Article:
McConnell may also have manufactured the retirement of Justice Anthony Kennedy to get Brett Kavanaugh on the Supreme Court, despite Justice Kennedy having denied it.
A graduate of Duke University and Harvard Law School, Walker has served as law professor at the University of Louisville since 2015. He is a member of the Federalist Society, a powerful network of conservative lawyers, which has held an outsized influence on Trump’s judiciary strategy and his picks.
The biggest mark on his record has been his “not qualified” rating from the nonpartisan American Bar Association, which told the Senate that Walker did not have the requisite courtroom experience to serve as a judge.
“Mr. Walker is less than 10 years out of law school, has never tried a case, has never served as co-counsel, and it’s not clear how much of his 10 years has even been spent practicing law,” Senate Minority Leader Charles E. Schumer (D-N.Y.) said in a floor speech opposing his nomination.
Republicans have frequently dismissed the ABA’s ratings of Trump nominees [because their nominees are not qualified]. Walker was confirmed on a party-line, 50-to-41 vote in October.
Walker’s nomination to the D.C. Circuit is already attracting support from the constellation of influential conservative figures and groups who have engineered a successful pipeline of judicial confirmations under Trump.
Carrie Severino, president of the deep-pocketed Judicial Crisis Network, said the group is “prepared to do whatever necessary” to ensure Walker’s confirmation. And the Article III Project, led by Mike Davis, who was the chief nominations counsel for the Senate Judiciary Committee during the Kavanaugh confirmation fight, will lead the outside effort to get Walker confirmed.
“Judge Walker has had an impressive legal career, during which he has aligned himself with originalism, textualism, and the important separation of powers principles that make our country great,” said Leonard Leo of the Federalist Society, who has worked closely with both the White House and the Senate on judicial nominees.
For three years, McConnell has moved at a rapid tempo to fill the judicial openings inherited by Trump after the GOP Senate leader refused to act on dozens of President Barack Obama’s nominees, most notably Supreme Court nominee Merrick Garland, who has served on the D.C. Circuit since 1997.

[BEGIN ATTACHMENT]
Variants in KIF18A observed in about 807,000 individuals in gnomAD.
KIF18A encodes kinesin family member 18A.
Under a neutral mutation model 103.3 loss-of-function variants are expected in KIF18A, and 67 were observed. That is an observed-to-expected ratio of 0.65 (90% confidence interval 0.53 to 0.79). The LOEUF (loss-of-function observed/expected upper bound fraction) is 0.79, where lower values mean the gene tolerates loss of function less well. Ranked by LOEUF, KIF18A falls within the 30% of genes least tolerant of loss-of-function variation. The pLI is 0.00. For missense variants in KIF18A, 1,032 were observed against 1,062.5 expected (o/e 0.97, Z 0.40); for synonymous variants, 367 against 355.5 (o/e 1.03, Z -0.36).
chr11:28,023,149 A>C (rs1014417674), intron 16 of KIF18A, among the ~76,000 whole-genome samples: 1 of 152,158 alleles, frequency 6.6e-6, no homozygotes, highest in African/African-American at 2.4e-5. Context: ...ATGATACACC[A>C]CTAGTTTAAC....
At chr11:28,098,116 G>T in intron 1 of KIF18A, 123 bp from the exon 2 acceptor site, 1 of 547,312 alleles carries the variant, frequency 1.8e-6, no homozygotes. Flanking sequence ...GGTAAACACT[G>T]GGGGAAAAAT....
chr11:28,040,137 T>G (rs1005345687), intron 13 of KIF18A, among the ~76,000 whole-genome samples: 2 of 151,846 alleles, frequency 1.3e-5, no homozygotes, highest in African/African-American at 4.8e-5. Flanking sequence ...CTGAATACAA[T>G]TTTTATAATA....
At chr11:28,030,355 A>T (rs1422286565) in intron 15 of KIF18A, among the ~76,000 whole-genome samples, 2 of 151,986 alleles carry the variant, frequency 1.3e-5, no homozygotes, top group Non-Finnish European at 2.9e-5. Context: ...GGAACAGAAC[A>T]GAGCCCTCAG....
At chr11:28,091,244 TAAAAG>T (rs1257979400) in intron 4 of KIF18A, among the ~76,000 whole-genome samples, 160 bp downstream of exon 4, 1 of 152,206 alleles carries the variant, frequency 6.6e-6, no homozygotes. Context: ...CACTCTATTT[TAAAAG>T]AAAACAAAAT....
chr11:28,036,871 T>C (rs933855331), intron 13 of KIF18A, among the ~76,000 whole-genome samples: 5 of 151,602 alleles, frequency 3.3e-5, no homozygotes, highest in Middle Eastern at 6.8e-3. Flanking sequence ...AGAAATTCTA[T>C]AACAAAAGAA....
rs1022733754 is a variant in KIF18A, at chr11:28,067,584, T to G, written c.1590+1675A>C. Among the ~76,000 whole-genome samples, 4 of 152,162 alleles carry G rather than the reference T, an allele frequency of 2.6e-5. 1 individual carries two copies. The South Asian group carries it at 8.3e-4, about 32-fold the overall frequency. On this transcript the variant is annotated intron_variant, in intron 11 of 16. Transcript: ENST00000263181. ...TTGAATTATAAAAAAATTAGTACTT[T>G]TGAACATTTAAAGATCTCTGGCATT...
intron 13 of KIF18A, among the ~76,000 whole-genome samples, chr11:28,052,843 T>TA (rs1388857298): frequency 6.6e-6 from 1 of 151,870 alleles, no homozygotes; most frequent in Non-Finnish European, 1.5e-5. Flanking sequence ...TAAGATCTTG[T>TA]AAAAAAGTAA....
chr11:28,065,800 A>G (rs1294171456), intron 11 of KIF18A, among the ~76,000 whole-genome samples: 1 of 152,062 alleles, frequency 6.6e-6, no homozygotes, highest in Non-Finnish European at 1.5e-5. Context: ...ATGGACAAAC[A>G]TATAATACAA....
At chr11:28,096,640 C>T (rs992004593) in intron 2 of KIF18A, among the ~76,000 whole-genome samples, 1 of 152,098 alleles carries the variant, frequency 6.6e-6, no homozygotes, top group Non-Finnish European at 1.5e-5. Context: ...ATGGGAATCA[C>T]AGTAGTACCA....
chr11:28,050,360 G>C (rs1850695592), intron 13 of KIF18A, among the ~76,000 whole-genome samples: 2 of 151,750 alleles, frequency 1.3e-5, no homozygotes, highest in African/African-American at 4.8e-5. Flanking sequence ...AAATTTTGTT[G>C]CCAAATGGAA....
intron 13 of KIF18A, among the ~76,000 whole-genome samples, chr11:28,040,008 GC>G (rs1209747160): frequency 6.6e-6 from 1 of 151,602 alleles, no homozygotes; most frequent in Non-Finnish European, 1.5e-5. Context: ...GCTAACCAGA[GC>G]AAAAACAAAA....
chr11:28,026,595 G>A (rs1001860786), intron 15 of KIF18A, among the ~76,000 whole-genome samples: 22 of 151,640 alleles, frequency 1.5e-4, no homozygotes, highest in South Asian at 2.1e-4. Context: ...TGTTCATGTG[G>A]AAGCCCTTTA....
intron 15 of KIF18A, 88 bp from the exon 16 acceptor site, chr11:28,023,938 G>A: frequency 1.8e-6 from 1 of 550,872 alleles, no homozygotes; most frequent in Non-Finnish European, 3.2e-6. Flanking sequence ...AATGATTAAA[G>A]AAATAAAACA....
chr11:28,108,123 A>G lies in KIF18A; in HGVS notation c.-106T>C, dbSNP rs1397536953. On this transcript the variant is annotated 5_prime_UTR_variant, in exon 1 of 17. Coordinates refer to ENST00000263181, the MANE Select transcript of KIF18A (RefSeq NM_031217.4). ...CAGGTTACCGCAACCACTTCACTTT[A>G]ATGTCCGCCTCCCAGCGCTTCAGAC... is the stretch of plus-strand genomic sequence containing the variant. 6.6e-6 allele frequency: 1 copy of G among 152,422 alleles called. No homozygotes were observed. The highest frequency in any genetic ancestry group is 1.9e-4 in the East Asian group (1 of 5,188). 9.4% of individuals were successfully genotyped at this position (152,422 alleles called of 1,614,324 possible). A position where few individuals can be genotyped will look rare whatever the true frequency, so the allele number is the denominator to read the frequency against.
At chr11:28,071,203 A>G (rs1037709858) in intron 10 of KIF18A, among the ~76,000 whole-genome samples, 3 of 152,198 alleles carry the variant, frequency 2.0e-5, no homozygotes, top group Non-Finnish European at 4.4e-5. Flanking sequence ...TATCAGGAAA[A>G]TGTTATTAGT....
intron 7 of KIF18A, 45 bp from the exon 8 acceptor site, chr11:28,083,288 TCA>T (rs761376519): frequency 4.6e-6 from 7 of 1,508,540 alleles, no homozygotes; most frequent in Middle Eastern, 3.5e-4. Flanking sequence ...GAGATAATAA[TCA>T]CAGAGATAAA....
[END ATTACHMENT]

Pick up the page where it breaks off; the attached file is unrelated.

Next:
McConnell has vowed to leave no vacancy behind as the president faces reelection this November, and Senate Republicans face the risk of losing control of the chamber.
McConnell has paid particular attention to the nation’s appellate courts, one step below the Supreme Court where the vast majority of cases stop. Trump has 51 circuit court appointees, which translates to 1 out of every 4 appellate judges. McConnell says the circumstances are different now because both the Senate and the White House are of the same party, which was not the case four years ago.
In the interview with The Post this week, McConnell said the Senate Republican majority’s commitment to confirming judges is unchanged despite a congressional calendar made uncertain by the coronavirus pandemic, preventing senators from holding confirmation hearings and casting votes. The Senate, under McConnell, has installed 193 of Trump’s picks for the bench, including two Supreme Court justices, 138 district court judges and two judges for the U.S. Court of International Trade.
“This Congress goes on until Dec. 31, and we intend to confirm all of the judges that are sent up to us this year,” McConnell said. He also reiterated his promise that he would fill a Supreme Court vacancy this year, should there be one, a reversal from his argument in 2016 that a seat should remain open until the voters decide in the presidential election.
Mitch McConnell personifies evil and the quintessential corrupt politician. The voters of Kentucky need to perform a mea culpa for their sin of sending McConnell to the Senate by sending him to defeat this November. Then prosecute him for public corruption. Do not let him transition into a high paid lobbyist job where he can continue his destructive public corruption.